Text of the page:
Naturally the banks have sought to re-position this threat as an opportunity, talking up partnerships and innovation policies themselves.
For example, in a document on the HSBC website, Peter Wong, deputy chairman and chief executive at HSBC Asia-Pacific writes (pdf): "Fintech complements rather than threatens banking institutions. In my experience, banking has always been about technology, so today's fintech innovation boom represents evolution rather than revolution for traditional banking. It is supplementing and diversifying the existing financial system - not replacing or disrupting it.
"If we look closely, fintech is currently only focusing on a mere fraction of the financial services spectrum. To date, much of the focus of fintech has been on retail banking services - lending and financing along with payments-related products and services, where mobile and e-commerce has led to real demand from consumers.
"Big banks and fintech startups have a great deal to offer each other. Banks have a large customer base, stable infrastructure, assets and regulatory know-how. Startups provide outof-the-box thinking, technical expertise, and agility to adapt quickly to change.
"Together, they can be far more successful at improving the financial services and customer experience than if they compete against one another."
Gabriel Schild, executive director for digital business at Verizon, works with the majority of the UK's largest financial services firms. He told Computerworld UK earlier this year that the banks have three clear responses to the threat of fintech: ignore it as a fad, partnering, or a wholesale business model change.
"I see three types of response: 'it is a fad and will blow over', and obviously we don't see that as a very clever response," he said. "Another is partnering with companies. So we see clients work with fintechs in order to take advantage of these new developments. Last, we see a large group of clients make a complete business model change and see that the future is all around the platform economy."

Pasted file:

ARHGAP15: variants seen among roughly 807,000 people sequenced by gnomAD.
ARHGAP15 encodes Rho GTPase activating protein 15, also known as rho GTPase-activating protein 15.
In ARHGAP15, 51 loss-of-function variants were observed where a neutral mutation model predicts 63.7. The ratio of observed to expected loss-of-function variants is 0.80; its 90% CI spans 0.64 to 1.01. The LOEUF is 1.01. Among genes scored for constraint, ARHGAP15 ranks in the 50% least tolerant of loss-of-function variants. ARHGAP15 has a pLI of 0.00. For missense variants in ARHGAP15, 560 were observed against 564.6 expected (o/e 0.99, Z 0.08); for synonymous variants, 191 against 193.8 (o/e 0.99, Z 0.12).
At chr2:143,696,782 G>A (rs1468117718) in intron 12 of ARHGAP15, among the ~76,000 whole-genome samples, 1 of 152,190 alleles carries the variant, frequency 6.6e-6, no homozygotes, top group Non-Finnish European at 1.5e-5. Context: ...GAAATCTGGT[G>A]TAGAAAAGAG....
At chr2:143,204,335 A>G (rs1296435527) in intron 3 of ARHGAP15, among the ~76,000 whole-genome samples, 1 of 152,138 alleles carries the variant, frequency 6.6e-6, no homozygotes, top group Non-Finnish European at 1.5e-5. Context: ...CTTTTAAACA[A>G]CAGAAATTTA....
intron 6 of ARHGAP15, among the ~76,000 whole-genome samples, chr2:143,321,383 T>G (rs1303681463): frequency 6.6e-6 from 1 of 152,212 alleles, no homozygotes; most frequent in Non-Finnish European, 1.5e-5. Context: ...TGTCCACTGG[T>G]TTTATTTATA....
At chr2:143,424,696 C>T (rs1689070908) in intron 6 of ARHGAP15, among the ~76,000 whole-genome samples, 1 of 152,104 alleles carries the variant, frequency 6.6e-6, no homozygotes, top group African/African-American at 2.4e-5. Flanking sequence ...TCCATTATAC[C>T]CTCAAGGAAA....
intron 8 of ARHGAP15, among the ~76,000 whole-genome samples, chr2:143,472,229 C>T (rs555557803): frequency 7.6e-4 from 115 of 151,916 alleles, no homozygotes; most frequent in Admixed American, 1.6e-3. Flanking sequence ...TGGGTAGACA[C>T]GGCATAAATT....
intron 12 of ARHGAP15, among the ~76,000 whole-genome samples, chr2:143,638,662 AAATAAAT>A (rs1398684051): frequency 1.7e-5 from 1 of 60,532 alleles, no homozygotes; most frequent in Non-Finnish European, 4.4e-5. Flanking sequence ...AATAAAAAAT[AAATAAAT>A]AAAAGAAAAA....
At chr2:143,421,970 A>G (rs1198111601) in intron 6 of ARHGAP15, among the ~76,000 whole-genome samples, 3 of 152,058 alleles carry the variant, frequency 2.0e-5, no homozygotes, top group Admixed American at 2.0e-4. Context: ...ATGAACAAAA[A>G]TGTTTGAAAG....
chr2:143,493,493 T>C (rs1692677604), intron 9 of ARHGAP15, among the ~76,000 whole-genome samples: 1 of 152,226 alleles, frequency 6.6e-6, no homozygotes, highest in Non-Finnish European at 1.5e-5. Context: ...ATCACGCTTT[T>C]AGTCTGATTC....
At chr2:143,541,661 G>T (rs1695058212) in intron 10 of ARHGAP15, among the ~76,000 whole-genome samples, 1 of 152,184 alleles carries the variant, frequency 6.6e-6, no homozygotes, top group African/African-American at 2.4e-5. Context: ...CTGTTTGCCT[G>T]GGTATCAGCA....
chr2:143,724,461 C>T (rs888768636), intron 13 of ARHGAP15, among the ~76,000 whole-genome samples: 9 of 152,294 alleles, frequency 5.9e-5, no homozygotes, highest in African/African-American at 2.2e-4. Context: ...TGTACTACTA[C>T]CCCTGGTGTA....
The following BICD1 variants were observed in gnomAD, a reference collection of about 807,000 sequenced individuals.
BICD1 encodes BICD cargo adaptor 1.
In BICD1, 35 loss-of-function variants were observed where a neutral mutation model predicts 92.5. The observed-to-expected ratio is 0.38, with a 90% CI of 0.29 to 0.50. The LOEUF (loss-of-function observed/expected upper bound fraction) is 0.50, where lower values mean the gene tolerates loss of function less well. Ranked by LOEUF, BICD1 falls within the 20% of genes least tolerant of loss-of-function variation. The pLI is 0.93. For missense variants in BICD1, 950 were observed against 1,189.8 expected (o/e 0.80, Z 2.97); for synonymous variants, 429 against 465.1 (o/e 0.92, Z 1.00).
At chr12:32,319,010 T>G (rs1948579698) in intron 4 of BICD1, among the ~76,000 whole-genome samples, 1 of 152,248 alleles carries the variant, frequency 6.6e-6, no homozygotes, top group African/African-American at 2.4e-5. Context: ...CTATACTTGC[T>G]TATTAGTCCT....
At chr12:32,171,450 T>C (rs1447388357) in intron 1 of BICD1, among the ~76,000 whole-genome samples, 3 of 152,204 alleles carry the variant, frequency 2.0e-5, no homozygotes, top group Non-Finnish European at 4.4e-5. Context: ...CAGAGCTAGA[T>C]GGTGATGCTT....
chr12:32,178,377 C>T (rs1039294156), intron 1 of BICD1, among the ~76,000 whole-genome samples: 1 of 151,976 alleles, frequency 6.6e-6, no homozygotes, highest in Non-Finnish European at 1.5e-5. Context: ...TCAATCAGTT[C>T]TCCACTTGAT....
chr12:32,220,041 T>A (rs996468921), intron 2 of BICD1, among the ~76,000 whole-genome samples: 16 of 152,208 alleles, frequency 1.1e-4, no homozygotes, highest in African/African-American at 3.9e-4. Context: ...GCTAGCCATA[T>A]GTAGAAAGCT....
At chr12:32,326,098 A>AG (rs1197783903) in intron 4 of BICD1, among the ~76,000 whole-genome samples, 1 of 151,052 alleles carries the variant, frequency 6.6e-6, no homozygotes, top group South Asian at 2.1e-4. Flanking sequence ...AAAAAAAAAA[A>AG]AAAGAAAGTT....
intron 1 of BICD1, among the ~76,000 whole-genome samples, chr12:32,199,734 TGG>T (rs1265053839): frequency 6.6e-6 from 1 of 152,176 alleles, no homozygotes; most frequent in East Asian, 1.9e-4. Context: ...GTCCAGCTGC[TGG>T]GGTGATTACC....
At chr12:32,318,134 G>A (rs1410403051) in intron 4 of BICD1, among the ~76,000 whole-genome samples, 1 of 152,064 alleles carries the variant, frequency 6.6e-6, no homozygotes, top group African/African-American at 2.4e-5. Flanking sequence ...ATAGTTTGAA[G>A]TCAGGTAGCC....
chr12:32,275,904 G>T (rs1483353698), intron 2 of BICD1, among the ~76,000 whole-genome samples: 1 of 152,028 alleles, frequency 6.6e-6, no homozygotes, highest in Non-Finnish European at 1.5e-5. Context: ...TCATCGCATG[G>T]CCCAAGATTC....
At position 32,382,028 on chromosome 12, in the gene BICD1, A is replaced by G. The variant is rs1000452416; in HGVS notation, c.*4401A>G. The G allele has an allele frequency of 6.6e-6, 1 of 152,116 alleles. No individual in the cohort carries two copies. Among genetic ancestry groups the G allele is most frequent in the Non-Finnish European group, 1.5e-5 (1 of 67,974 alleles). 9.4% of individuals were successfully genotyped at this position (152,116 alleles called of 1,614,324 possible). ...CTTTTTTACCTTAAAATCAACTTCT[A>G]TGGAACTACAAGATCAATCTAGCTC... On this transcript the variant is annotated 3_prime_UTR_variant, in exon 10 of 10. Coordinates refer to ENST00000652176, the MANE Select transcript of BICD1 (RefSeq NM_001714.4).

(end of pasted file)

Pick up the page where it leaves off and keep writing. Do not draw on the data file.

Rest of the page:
The big banks do have a couple of advantages over their more innovative fintech siblings however: data and trust. Yes trust - better the devil you know, as they say.
A report from Bain and Company and Salesforce found that: "When we asked customers if they are willing to share more data with a provider in order to get a better product offering, 78 percent said they are willing to share with their primary bank, while 63 percent said they would share with another bank and just 43 percent would share with a non-bank."
The report advised the big banks to use this data to "build a complete picture of individual customer needs and how customers choose to meet those needs at the product and episode level" if they want to compete with fintech rivals.
It also advised that they try to beat fintechs at their own game, using their sizeable resources to design "experiences that delight the customer across multiple channels that are simple and easy to use, digital and straight through (i.e. don't need human intervention)."
What the banks and fintechs say
Tristan Thomas, head of marketing and community at fast-growing UK challenger bank Monzo believes that the unbundling of banking poses the biggest threat to the established banks.
Thomas told Computerworld UK: "Monzo is laser-focused on a current account, not mortgages or loan - so focusing on one product and making it the best you can. That is a huge threat to banks as they rely on cross-selling to make money and traditionally run current accounts as a loss-leader.